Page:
We’ve been in Croatia about three weeks and I haven’t posted a single thing here on the blog. So this is a quick update of what we’ve been up to and ten things to do in Hvar in the off season.
In summer there are a zillion tourists, soaking up sun on the beaches, exploring colorful sea caves via boat tours, eating and drinking at one of the many restaurants, cafes, and bars, and generally partying it up. Not so much in November/December.
The weather is cool and the town is mostly closed up. Still we found many things to do in Hvar (in addition to sitting behind computers desperately trying to make a living).
Our Airbnb host has taken us on a couple great hikes. I’m working on a separate post about that, but I will tell you that they are long and we get to the top of hills with beautiful views in every direction. Hiking is a great way to get to know Island Hvar and its flora, geography, and fauna. Bonus points to Vlado for telling us about the plants and animals that live here.
The Fortress Španjola
The fortress, finished in the 16th century, sits about 100 meters above Grad Hvar, the older part of the town. Like most fortresses, it was there to protect the town and has an ideal perch to watch the town and port for pirates or marauders.
The foundations of the fort were started in the first half of the first millennium BC and protected the Illyrian settlement on the hillside. The thing is old! The present day fort construction began in 1282 when the area was under Venetian rule.
It is incredibly well preserved. The Fortress has four bastions, a church, a prison, several corridors, gunpowder rooms and numerous corridors – a massive structure with a strong civil engineering foundation. Wikipedia has a good overview of the history of Hvar town.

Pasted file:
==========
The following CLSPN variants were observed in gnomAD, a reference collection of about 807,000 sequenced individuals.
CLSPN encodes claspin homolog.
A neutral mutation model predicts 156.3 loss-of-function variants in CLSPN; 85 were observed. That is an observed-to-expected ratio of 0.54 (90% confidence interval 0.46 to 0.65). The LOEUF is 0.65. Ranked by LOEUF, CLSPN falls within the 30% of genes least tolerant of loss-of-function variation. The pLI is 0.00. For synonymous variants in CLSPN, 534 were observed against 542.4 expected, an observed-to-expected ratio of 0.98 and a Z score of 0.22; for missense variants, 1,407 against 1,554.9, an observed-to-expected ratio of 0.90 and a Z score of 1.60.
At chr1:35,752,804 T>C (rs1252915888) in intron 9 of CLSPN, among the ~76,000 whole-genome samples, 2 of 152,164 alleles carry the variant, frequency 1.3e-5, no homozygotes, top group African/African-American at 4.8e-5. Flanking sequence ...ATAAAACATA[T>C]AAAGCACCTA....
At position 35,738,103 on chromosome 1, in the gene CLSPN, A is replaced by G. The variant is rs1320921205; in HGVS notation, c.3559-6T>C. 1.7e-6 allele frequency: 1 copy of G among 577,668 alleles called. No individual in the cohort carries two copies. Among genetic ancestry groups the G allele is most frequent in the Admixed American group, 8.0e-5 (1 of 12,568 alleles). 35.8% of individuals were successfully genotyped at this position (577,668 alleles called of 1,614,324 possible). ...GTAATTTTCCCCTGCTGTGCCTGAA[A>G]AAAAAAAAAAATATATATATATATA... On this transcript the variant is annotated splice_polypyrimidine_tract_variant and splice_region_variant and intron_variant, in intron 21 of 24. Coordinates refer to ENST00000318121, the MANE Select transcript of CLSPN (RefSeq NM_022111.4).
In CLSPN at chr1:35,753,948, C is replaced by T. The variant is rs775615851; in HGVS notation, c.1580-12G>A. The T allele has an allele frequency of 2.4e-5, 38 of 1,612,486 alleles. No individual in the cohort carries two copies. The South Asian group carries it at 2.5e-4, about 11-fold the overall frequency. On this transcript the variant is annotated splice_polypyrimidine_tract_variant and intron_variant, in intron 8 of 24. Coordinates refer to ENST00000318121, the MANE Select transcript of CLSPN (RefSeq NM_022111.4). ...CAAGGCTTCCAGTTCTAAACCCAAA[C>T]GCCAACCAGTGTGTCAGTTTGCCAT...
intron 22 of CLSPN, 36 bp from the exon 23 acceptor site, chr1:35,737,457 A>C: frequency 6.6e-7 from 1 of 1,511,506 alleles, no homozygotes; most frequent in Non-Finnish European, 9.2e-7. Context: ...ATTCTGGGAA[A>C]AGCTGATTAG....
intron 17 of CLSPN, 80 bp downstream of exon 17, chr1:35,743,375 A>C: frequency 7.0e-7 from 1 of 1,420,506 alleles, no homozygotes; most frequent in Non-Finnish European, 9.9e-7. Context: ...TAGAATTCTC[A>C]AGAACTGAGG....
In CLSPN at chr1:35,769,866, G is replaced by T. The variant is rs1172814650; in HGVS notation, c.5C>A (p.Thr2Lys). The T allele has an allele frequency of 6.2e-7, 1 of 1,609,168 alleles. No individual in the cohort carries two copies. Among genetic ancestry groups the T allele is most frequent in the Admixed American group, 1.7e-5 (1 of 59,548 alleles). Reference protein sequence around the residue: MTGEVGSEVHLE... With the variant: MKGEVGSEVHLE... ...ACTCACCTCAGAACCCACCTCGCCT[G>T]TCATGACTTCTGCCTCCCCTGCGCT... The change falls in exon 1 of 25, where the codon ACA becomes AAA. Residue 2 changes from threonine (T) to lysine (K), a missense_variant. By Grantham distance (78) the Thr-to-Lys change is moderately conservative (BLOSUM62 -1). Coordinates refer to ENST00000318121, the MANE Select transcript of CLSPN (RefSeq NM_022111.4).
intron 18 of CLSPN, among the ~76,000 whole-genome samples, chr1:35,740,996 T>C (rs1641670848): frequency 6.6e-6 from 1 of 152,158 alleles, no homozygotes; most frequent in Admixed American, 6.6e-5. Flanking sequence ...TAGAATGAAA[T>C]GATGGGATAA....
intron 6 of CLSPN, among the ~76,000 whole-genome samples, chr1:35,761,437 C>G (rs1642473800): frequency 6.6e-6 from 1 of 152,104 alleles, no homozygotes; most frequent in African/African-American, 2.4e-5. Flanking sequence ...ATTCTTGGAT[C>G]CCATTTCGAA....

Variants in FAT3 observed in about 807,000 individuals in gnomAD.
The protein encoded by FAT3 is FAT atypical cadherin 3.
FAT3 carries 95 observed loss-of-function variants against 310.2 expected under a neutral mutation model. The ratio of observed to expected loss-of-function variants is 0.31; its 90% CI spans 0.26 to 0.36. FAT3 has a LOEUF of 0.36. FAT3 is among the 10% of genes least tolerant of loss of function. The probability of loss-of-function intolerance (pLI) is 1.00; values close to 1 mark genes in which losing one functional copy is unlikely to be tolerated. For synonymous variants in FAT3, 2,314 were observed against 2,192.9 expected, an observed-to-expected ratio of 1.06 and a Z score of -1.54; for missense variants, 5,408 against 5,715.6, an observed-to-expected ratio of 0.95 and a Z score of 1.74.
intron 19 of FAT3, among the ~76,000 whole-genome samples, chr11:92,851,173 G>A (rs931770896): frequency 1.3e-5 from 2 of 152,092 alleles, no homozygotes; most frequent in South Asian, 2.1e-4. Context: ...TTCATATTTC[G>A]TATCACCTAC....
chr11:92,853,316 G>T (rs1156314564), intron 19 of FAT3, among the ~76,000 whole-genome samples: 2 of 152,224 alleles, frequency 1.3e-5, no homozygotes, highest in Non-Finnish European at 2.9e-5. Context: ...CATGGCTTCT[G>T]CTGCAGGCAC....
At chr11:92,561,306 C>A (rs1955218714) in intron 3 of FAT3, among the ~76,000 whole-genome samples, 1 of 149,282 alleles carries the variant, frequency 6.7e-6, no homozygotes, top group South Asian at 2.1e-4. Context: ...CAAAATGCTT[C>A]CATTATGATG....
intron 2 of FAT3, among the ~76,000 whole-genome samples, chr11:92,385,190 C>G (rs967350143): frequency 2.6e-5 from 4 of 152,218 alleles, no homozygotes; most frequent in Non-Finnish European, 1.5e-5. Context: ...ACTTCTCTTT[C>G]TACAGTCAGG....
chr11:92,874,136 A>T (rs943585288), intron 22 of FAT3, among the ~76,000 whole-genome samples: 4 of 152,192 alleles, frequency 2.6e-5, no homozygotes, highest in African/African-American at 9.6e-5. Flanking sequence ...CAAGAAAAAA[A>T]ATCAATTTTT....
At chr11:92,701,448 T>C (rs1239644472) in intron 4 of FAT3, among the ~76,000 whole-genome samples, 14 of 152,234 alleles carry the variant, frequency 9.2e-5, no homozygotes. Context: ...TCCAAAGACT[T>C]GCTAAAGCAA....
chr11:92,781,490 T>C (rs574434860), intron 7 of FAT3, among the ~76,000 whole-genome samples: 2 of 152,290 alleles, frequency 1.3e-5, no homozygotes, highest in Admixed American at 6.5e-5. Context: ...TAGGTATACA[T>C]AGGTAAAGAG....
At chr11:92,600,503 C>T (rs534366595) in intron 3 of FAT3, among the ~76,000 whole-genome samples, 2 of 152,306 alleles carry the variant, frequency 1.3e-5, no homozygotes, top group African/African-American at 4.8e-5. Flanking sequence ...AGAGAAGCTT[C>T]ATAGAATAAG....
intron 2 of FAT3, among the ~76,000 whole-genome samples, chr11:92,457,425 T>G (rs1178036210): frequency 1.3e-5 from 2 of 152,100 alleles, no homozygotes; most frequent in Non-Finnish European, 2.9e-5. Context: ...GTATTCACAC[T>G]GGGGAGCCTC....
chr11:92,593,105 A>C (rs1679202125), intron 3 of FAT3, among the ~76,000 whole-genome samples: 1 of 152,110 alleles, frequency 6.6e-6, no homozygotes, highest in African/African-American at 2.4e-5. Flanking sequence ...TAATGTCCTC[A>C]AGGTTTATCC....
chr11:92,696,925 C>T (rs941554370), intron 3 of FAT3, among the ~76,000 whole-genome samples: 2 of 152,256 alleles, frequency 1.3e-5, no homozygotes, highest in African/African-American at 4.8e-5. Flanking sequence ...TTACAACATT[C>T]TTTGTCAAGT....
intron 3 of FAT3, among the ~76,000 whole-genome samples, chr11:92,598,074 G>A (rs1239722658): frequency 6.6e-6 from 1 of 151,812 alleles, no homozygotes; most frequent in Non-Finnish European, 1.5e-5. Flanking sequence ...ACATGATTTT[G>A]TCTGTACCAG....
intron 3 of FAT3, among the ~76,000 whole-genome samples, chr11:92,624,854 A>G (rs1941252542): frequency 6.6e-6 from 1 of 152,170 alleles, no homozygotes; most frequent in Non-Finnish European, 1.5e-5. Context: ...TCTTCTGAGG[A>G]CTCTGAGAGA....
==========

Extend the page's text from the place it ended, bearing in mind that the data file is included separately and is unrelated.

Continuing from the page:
It’s closed this time of year, but Vlado knows the guy with the key. The Fortress Manager met us up there and let us explore. The history and the fort were interesting, but what really got me was the view. I guess I like being up high. I didn’t see any pirates or marauders, but I did see the big, blue sea and the chain of islands offshore of Hvar. It’s also a great place to get perspective on the town and see where everything is.
After our tour, we walked back to town along an herb garden-lined path.
It’s about a 25-minute walk to a cute playground. The kids like the jumping, climbing, and swinging; I like sitting on the rocks next to the sea and writing or reading. Win-win.
Coffee and Tea
There aren’t many places open this time of year, but there are several cafés. No food, just drinks. Croatian coffee culture is famous, so we’ve had to partake a couple times. You know, to experience the culture.
Exploring Grad Hvar
Grad Hvar is beautiful. (Grad = town, both the town and the island are called Hvar).
I’ve loved wandering the stone stairways between narrow stone “streets.” A lot of the buildings in the old town you can only reach on foot. I love that. The steps and windowsills are decorated with plants, softening and greening the hardscape.